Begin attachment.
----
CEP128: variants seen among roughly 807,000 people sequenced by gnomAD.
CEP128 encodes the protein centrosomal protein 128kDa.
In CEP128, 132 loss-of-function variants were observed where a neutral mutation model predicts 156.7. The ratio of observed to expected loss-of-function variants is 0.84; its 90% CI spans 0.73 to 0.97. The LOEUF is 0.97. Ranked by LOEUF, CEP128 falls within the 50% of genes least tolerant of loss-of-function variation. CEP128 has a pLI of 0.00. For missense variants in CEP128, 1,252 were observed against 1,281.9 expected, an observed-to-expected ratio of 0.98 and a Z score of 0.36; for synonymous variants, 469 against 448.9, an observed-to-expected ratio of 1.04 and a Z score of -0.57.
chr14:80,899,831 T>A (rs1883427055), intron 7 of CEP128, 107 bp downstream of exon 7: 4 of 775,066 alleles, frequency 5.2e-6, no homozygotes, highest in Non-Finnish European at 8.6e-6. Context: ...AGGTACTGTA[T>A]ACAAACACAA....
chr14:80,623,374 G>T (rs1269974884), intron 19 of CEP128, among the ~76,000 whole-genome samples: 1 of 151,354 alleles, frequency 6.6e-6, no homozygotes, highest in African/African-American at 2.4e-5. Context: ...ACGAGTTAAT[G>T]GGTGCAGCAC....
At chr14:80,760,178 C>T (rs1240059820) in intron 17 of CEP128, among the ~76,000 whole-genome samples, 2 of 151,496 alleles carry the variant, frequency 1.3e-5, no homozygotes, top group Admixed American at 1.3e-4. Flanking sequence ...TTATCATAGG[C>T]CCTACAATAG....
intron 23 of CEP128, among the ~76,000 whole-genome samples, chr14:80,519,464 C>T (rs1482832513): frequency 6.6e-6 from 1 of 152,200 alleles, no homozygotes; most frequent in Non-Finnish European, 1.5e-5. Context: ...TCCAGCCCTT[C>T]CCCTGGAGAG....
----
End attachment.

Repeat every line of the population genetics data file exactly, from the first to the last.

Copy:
CEP128: variants seen among roughly 807,000 people sequenced by gnomAD.
CEP128 encodes the protein centrosomal protein 128kDa.
In CEP128, 132 loss-of-function variants were observed where a neutral mutation model predicts 156.7. The ratio of observed to expected loss-of-function variants is 0.84; its 90% CI spans 0.73 to 0.97. The LOEUF is 0.97. Ranked by LOEUF, CEP128 falls within the 50% of genes least tolerant of loss-of-function variation. CEP128 has a pLI of 0.00. For missense variants in CEP128, 1,252 were observed against 1,281.9 expected, an observed-to-expected ratio of 0.98 and a Z score of 0.36; for synonymous variants, 469 against 448.9, an observed-to-expected ratio of 1.04 and a Z score of -0.57.
chr14:80,899,831 T>A (rs1883427055), intron 7 of CEP128, 107 bp downstream of exon 7: 4 of 775,066 alleles, frequency 5.2e-6, no homozygotes, highest in Non-Finnish European at 8.6e-6. Context: ...AGGTACTGTA[T>A]ACAAACACAA....
chr14:80,623,374 G>T (rs1269974884), intron 19 of CEP128, among the ~76,000 whole-genome samples: 1 of 151,354 alleles, frequency 6.6e-6, no homozygotes, highest in African/African-American at 2.4e-5. Context: ...ACGAGTTAAT[G>T]GGTGCAGCAC....
At chr14:80,760,178 C>T (rs1240059820) in intron 17 of CEP128, among the ~76,000 whole-genome samples, 2 of 151,496 alleles carry the variant, frequency 1.3e-5, no homozygotes, top group Admixed American at 1.3e-4. Flanking sequence ...TTATCATAGG[C>T]CCTACAATAG....
intron 23 of CEP128, among the ~76,000 whole-genome samples, chr14:80,519,464 C>T (rs1482832513): frequency 6.6e-6 from 1 of 152,200 alleles, no homozygotes; most frequent in Non-Finnish European, 1.5e-5. Context: ...TCCAGCCCTT[C>T]CCCTGGAGAG....